Using ten years’ worth of optical, infrared, and X-ray data on LMC X-3, astronomers developed a model that can successfully explain the workings of an X-ray binary star.
The bright X-ray source known as LMC X-3 resides in the Large Magellanic Cloud, the dwarf galaxy that is the Milky Way’s nearest neighbor. Two decades ago astronomers discovered that the source is actually a binary system with a normal star rapidly orbiting a nearby black hole (whose mass is about 2.3 solar masses) in only 1.7 days. In X-ray binary systems like this one, material from the normal star falls onto a disk around the black hole, causing it to glow and emit radiation – at X-ray wavelengths from the inner portion of the disk closest to the black hole, and at infrared wavelengths from the outer portions of the disk. The emission typically varies in time, presumably because the infalling matter arrives in clumps or in an uneven stream. The infrared and X-ray emissions also vary from one another, and astronomers have long thought that modeling their behaviors might lead to an enhanced understanding of black hole accretion processes.
CfA astronomers James Steiner and Jeff McClintock, along with a team of five colleagues, analyzed a ten-year collection of optical, infrared and X-ray data on LMC X-3. They discovered from the relative timing of the flares as seen in the two bands that the X-ray emission events lagged the infrared emission by about two weeks, and were able to develop a model that can successfully explain the processes at work. They considered the radiation as coming from three locations: the star itself (normal starlight dominates the emission), the disk (it is heated by accretion and emits in both X-rays and infrared), and other hot material in the disk and/or the star (it is heated by X-rays from the hot inner disk).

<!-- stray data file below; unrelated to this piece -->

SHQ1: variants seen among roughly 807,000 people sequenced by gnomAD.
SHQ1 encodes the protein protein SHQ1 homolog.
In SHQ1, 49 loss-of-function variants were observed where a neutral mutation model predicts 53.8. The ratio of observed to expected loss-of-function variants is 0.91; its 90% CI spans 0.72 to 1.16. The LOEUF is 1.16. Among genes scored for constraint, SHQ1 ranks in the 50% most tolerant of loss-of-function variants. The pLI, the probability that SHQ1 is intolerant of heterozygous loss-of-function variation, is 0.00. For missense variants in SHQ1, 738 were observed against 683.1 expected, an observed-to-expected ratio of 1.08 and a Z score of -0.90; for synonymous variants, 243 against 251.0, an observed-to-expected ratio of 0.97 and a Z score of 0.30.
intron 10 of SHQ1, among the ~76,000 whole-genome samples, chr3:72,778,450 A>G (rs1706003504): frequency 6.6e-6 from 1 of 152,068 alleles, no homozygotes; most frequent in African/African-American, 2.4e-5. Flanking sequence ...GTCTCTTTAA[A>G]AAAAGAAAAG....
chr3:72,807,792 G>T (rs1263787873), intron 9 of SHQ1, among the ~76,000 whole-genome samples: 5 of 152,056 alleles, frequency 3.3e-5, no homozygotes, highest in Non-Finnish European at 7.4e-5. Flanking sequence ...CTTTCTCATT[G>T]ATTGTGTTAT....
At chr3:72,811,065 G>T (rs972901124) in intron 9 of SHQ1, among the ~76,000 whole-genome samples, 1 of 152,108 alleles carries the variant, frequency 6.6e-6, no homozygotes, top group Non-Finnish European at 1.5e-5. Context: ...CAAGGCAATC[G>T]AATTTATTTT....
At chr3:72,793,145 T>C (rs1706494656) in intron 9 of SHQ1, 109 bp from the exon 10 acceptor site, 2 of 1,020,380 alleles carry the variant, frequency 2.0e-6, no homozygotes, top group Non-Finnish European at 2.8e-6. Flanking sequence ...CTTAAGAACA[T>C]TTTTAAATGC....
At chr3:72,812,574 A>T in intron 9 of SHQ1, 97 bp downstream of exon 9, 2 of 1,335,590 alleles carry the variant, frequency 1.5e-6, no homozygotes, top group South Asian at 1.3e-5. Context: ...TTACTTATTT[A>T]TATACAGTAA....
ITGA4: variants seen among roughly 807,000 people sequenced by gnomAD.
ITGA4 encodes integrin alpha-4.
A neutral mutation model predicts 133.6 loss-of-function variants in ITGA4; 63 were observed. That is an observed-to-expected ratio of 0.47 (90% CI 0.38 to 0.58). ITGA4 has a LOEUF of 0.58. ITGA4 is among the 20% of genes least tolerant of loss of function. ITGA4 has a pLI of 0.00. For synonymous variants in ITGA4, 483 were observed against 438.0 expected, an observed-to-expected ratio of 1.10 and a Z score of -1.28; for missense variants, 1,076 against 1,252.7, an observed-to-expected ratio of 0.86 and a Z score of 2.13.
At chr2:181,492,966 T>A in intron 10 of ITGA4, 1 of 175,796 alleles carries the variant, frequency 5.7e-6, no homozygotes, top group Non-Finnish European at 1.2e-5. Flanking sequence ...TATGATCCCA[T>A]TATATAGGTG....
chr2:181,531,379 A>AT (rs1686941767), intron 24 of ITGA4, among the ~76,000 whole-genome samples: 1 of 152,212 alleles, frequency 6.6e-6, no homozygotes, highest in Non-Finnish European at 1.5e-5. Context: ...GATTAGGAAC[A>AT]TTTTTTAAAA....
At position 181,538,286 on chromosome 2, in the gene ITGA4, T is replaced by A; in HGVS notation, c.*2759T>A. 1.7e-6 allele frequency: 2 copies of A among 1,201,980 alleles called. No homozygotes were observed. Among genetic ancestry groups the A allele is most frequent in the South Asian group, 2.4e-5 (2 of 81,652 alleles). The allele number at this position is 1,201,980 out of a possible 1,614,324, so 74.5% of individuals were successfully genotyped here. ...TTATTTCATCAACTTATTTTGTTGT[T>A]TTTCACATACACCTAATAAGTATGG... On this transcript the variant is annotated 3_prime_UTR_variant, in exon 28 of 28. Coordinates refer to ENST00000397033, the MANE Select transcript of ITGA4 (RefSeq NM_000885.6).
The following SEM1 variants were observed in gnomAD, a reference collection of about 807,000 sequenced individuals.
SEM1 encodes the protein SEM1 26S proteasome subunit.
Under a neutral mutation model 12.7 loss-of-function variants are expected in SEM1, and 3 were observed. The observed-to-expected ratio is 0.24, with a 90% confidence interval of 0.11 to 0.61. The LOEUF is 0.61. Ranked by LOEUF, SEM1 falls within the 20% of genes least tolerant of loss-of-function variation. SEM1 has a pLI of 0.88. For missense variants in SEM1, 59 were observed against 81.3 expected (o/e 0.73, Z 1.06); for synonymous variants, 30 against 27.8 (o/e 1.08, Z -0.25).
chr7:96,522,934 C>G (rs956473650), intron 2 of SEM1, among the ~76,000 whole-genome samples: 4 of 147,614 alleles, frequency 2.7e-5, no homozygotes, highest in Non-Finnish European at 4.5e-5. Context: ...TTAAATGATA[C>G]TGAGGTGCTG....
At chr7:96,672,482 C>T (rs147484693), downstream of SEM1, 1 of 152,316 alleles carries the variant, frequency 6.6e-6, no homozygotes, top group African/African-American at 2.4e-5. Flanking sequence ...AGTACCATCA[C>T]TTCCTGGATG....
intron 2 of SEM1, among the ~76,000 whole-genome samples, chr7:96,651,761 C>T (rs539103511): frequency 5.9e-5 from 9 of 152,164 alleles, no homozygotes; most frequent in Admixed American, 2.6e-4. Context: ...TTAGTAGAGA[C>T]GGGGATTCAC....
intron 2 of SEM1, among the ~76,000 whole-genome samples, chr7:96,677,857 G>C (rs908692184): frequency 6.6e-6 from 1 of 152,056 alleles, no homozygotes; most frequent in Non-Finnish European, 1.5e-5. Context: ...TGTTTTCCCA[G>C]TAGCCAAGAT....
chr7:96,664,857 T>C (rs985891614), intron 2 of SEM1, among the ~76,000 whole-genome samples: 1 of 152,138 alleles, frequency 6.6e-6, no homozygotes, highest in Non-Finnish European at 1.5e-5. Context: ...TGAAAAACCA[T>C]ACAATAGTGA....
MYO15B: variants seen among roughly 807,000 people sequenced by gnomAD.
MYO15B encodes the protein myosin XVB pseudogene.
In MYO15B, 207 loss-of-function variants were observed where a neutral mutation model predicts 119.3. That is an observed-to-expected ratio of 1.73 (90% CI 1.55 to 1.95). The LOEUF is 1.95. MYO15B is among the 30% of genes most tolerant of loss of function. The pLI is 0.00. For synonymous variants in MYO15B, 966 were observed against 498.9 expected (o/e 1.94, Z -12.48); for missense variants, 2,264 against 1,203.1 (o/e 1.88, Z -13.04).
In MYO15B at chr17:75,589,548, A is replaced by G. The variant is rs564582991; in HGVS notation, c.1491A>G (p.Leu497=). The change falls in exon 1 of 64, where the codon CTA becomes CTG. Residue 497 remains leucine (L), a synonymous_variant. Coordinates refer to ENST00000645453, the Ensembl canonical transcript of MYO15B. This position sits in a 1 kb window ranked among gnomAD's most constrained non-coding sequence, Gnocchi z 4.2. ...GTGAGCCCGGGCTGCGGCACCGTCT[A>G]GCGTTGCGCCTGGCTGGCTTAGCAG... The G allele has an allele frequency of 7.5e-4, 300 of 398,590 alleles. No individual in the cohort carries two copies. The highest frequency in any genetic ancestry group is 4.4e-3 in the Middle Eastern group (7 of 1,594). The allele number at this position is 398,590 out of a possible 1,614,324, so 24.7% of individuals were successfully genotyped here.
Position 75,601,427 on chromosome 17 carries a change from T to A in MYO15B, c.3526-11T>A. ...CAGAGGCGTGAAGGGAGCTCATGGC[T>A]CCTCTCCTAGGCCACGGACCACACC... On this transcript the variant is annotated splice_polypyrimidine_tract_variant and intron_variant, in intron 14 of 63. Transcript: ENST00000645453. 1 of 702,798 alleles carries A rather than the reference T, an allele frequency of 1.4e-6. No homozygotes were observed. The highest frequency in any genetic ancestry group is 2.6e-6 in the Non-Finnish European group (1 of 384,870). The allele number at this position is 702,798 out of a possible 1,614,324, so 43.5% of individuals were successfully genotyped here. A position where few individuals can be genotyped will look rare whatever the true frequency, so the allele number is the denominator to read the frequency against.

The scientists are able to conclude that the infrared probably arises from a narrow annular region of the disk, a somewhat surprising result because it had been thought that infrared would come from a much wider area. They also derive a more precise orbital period for the binary (1.704805 days) and key parameters of the disk. The authors note, however, that their model has about thirty parameters; their proposed scenario is the one that best fits the whole set of data. The new work is an impressive success at understanding a complex and dramatic extragalactic black hole system.
Reference: “Modeling the Optical–X-ray Accretion Lag in LMC X-3: Insights into Black-Hole Accretion Physics” by James F. Steiner, Jeffrey E. McClintock, Jerome A. Orosz, Michelle M. Buxton, Charles D. Bailyn, Ronald A. Remillard and Erin Kara, 20 February 2014, The Astrophysical Journal.